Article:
Inheritance of joy

By Wang Kaihao ( China Daily ) Updated: 2014-06-03 07:12:43

Inheritance of joy

The Xuhong Bridge, built by the Xiangshan group last year, has the world's largest span among wooden arch bridges.[Photo by Zuo Ping/China Daily]

The famous carpenters of Xiangshan fight to keep their legacy alive amid challenges. Wang Kaihao reports from Suzhou, Jiangsu province.

A carpenter from Suzhou in eastern Jiangsu province was summoned by Emperor Yongle of the Ming Dynasty (1368-1644) to Beijing almost 600 years ago. Kuai Xiang, who lived from 1398 to 1481, came to the Chinese capital with followers and ended up as one of the chief designers of the Forbidden City.

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Many years later when the stunning structure was completed by hundreds of thousands of laborers, the architects led by Kuai came to be known as the "Xiangshan group" , after his sleepy hometown of Xiangshan. Today's Xiangshan still looks tranquil by the Taihu Lake but there are signs of development.

Small holiday resorts line the highway and a wooden bridge across a river is an engineering marvel.

Lu Yaozu, 65, is a fifth-generation architect in his family. His given name means "to bring glory to ancestor". He wants to live up to his proud bloodline as one of the families from the Xiangshan group. Lu started work at 16, when his grandfather passed on his knowledge of carpentry to him, through an oral tradition. He was listed as an inheritor of "intangible cultural heritage" in China.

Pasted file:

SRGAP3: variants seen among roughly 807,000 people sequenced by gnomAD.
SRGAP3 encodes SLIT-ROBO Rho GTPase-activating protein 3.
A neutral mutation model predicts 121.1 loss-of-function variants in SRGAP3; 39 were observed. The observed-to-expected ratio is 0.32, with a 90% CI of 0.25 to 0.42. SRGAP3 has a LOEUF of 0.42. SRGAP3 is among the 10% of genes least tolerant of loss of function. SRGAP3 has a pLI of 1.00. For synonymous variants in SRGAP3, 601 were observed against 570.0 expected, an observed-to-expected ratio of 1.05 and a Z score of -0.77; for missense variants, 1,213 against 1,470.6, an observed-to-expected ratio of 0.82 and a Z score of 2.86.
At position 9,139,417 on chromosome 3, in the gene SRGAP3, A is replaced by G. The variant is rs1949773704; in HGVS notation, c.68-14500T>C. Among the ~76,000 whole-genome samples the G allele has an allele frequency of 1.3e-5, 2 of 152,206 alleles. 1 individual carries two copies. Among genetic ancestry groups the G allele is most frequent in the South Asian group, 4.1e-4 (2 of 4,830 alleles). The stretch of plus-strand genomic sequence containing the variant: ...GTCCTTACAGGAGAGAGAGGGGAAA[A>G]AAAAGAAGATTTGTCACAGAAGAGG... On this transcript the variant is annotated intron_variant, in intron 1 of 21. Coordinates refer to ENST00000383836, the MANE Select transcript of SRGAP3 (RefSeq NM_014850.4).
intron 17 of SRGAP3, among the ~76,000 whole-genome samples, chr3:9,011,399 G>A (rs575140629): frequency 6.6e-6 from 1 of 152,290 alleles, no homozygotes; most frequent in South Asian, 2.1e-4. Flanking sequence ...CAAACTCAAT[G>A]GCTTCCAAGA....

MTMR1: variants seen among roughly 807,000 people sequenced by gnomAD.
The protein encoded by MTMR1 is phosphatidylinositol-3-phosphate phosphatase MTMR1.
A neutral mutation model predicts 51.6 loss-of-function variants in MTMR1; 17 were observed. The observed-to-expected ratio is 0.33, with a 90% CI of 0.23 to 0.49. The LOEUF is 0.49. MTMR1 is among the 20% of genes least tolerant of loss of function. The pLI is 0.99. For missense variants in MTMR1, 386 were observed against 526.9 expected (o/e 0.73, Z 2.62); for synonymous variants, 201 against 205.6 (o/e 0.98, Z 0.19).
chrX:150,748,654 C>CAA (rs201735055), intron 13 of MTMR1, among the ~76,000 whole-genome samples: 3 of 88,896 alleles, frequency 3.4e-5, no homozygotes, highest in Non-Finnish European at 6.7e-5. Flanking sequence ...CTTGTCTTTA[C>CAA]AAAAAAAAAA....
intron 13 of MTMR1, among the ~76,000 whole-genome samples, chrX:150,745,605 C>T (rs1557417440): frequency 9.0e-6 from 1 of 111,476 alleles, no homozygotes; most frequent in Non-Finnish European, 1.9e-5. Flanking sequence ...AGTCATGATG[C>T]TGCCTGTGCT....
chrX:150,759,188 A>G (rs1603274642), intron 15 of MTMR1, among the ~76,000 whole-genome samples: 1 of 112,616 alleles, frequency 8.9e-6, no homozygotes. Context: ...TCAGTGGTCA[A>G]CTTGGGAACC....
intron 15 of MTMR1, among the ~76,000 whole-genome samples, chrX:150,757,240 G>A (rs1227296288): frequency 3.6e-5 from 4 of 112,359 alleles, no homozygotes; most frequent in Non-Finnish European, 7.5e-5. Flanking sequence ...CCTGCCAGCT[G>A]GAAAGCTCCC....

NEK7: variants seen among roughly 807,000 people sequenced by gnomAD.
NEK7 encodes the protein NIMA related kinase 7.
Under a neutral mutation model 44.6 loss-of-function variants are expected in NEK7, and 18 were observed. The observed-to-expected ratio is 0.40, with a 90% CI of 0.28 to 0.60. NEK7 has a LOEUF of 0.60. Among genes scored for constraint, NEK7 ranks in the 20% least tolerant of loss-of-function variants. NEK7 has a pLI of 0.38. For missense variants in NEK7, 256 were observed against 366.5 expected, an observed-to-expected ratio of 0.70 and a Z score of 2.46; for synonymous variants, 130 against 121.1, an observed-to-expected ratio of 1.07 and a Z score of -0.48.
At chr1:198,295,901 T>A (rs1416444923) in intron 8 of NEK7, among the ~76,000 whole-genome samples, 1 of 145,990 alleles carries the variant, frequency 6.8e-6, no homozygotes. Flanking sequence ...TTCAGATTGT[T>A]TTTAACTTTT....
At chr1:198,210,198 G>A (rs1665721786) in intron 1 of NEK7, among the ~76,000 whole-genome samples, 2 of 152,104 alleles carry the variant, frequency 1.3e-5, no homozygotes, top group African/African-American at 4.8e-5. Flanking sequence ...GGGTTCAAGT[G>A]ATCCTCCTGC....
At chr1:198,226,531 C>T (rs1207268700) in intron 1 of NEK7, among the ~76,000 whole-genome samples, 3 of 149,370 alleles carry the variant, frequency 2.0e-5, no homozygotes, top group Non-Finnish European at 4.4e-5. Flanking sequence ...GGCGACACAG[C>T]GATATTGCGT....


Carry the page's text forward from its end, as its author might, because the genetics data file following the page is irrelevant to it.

"We face bodies of water and hills are behind us ... we have good feng shui. That's why local men are born to build houses," Lu jokes. "We don't have farmlands, so that's how we escape hunger."

Lu and Xiangshan's many other carpenters do not possess college degrees but are able to do their jobs as well as professionals if not better.

Traditional Chinese carpentry uses mortise and tenon, delicately designed joints, rather than nails. Xiangshan group's techniques were included in the Chinese traditional architectural craftsmanship for timber-framed structures that were listed an intangible cultural heritage by UNESCO in 2009.

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